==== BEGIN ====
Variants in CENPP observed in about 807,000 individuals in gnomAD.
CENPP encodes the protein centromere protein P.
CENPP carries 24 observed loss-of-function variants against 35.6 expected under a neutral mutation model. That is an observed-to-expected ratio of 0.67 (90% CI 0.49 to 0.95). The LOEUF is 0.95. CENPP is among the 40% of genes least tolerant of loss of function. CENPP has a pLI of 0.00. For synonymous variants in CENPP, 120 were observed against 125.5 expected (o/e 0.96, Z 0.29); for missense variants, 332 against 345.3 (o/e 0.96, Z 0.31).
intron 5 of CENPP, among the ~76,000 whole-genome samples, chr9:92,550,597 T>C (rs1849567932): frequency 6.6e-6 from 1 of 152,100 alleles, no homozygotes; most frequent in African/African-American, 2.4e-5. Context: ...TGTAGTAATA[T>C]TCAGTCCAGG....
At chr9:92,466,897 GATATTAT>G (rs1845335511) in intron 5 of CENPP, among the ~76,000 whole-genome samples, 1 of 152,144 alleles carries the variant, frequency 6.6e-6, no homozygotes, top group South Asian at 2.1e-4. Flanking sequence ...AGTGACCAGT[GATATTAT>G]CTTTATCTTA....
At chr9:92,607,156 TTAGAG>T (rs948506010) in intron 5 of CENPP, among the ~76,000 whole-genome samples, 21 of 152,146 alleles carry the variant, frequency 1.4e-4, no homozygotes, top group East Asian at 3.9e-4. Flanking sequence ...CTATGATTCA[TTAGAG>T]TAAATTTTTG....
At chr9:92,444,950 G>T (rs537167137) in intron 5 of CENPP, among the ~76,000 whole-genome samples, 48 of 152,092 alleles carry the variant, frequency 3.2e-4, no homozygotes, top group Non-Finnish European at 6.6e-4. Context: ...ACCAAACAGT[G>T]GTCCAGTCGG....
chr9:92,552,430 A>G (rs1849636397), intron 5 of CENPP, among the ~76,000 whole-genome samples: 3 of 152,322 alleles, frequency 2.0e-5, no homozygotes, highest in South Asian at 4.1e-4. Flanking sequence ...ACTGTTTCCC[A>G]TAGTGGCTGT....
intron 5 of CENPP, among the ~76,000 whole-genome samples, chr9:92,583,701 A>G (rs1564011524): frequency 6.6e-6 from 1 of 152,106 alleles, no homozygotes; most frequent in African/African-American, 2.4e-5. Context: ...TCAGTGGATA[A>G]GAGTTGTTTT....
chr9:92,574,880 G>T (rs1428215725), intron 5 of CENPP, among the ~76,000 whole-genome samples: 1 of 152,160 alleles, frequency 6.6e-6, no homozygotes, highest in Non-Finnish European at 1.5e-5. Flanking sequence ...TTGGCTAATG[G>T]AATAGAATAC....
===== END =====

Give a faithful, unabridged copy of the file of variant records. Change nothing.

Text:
Variants in CENPP observed in about 807,000 individuals in gnomAD.
CENPP encodes the protein centromere protein P.
CENPP carries 24 observed loss-of-function variants against 35.6 expected under a neutral mutation model. That is an observed-to-expected ratio of 0.67 (90% CI 0.49 to 0.95). The LOEUF is 0.95. CENPP is among the 40% of genes least tolerant of loss of function. CENPP has a pLI of 0.00. For synonymous variants in CENPP, 120 were observed against 125.5 expected (o/e 0.96, Z 0.29); for missense variants, 332 against 345.3 (o/e 0.96, Z 0.31).
intron 5 of CENPP, among the ~76,000 whole-genome samples, chr9:92,550,597 T>C (rs1849567932): frequency 6.6e-6 from 1 of 152,100 alleles, no homozygotes; most frequent in African/African-American, 2.4e-5. Context: ...TGTAGTAATA[T>C]TCAGTCCAGG....
At chr9:92,466,897 GATATTAT>G (rs1845335511) in intron 5 of CENPP, among the ~76,000 whole-genome samples, 1 of 152,144 alleles carries the variant, frequency 6.6e-6, no homozygotes, top group South Asian at 2.1e-4. Flanking sequence ...AGTGACCAGT[GATATTAT>G]CTTTATCTTA....
At chr9:92,607,156 TTAGAG>T (rs948506010) in intron 5 of CENPP, among the ~76,000 whole-genome samples, 21 of 152,146 alleles carry the variant, frequency 1.4e-4, no homozygotes, top group East Asian at 3.9e-4. Flanking sequence ...CTATGATTCA[TTAGAG>T]TAAATTTTTG....
At chr9:92,444,950 G>T (rs537167137) in intron 5 of CENPP, among the ~76,000 whole-genome samples, 48 of 152,092 alleles carry the variant, frequency 3.2e-4, no homozygotes, top group Non-Finnish European at 6.6e-4. Context: ...ACCAAACAGT[G>T]GTCCAGTCGG....
chr9:92,552,430 A>G (rs1849636397), intron 5 of CENPP, among the ~76,000 whole-genome samples: 3 of 152,322 alleles, frequency 2.0e-5, no homozygotes, highest in South Asian at 4.1e-4. Flanking sequence ...ACTGTTTCCC[A>G]TAGTGGCTGT....
intron 5 of CENPP, among the ~76,000 whole-genome samples, chr9:92,583,701 A>G (rs1564011524): frequency 6.6e-6 from 1 of 152,106 alleles, no homozygotes; most frequent in African/African-American, 2.4e-5. Context: ...TCAGTGGATA[A>G]GAGTTGTTTT....
chr9:92,574,880 G>T (rs1428215725), intron 5 of CENPP, among the ~76,000 whole-genome samples: 1 of 152,160 alleles, frequency 6.6e-6, no homozygotes, highest in Non-Finnish European at 1.5e-5. Flanking sequence ...TTGGCTAATG[G>T]AATAGAATAC....